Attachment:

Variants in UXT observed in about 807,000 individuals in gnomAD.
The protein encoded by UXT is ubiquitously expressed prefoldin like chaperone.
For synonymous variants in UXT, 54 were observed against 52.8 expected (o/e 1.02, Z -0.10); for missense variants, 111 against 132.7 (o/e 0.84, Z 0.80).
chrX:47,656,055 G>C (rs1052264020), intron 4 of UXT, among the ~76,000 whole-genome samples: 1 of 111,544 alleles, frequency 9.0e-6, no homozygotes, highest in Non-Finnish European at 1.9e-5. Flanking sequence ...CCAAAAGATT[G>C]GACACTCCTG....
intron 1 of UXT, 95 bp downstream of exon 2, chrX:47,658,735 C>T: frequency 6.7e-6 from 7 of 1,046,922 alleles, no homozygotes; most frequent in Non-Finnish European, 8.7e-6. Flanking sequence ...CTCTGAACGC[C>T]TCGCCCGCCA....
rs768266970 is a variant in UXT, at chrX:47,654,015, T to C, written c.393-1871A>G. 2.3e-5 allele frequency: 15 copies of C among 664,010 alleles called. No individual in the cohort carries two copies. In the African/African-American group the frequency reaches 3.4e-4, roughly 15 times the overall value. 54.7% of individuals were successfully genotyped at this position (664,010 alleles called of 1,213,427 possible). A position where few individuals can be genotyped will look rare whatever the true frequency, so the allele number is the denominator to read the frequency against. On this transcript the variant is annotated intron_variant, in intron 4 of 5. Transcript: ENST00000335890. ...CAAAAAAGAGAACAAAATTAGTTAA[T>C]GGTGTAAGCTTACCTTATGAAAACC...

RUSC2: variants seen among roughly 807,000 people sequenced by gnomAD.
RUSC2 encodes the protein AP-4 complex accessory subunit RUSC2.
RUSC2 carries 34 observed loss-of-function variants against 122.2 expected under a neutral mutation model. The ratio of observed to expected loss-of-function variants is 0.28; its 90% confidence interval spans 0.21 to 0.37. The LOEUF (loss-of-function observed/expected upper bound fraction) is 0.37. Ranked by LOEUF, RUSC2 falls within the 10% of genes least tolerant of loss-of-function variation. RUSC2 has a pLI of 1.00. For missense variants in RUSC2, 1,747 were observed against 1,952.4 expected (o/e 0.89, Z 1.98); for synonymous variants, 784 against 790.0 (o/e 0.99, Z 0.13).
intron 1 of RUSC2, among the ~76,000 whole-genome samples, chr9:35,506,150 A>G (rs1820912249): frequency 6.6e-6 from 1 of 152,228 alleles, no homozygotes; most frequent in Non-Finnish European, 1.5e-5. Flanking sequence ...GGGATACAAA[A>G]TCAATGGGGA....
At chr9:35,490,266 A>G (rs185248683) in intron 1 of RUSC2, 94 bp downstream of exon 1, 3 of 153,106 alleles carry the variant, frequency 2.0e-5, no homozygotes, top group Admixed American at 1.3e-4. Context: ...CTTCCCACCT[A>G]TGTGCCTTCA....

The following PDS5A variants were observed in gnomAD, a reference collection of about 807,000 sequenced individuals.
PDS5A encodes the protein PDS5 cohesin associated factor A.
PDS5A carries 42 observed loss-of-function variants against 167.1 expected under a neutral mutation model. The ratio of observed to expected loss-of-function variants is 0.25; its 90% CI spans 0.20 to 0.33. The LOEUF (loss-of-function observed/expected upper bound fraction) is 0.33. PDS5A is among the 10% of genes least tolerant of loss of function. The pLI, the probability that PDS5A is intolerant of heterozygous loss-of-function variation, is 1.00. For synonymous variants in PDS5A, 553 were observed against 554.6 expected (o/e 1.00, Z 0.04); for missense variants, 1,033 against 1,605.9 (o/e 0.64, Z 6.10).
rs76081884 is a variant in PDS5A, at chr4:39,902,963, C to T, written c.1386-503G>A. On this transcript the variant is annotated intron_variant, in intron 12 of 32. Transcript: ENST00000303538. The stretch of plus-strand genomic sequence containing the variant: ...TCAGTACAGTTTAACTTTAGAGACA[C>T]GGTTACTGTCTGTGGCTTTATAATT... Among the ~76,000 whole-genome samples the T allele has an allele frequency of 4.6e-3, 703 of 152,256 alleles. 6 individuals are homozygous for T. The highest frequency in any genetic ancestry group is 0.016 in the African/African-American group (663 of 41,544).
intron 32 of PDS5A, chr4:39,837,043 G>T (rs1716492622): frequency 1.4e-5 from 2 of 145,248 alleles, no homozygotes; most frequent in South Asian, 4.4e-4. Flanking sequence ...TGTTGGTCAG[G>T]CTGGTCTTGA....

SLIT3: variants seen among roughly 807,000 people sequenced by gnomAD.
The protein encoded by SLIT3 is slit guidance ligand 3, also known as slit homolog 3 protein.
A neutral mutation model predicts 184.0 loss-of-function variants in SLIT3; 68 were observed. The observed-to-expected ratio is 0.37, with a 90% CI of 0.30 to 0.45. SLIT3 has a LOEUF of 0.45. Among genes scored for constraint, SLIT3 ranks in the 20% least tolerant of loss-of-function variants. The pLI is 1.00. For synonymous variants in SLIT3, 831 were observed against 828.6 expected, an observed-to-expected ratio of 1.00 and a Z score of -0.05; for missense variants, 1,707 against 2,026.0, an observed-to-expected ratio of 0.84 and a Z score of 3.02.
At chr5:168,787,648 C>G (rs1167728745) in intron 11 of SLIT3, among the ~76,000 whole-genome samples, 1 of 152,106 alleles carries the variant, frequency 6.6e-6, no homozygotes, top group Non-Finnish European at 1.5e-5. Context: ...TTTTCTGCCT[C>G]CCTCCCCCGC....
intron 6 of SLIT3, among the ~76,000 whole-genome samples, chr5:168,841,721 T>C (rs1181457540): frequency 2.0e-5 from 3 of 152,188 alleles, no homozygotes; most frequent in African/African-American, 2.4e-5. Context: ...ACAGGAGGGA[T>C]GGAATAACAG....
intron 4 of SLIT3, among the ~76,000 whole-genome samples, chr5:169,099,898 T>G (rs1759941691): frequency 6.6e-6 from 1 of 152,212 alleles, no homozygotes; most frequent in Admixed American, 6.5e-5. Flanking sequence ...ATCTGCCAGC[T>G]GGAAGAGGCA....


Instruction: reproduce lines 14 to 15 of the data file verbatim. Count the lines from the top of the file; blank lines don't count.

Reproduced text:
PDS5A carries 42 observed loss-of-function variants against 167.1 expected under a neutral mutation model. The ratio of observed to expected loss-of-function variants is 0.25; its 90% CI spans 0.20 to 0.33. The LOEUF (loss-of-function observed/expected upper bound fraction) is 0.33. PDS5A is among the 10% of genes least tolerant of loss of function. The pLI, the probability that PDS5A is intolerant of heterozygous loss-of-function variation, is 1.00. For synonymous variants in PDS5A, 553 were observed against 554.6 expected (o/e 1.00, Z 0.04); for missense variants, 1,033 against 1,605.9 (o/e 0.64, Z 6.10).
rs76081884 is a variant in PDS5A, at chr4:39,902,963, C to T, written c.1386-503G>A. On this transcript the variant is annotated intron_variant, in intron 12 of 32. Transcript: ENST00000303538. The stretch of plus-strand genomic sequence containing the variant: ...TCAGTACAGTTTAACTTTAGAGACA[C>T]GGTTACTGTCTGTGGCTTTATAATT... Among the ~76,000 whole-genome samples the T allele has an allele frequency of 4.6e-3, 703 of 152,256 alleles. 6 individuals are homozygous for T. The highest frequency in any genetic ancestry group is 0.016 in the African/African-American group (663 of 41,544).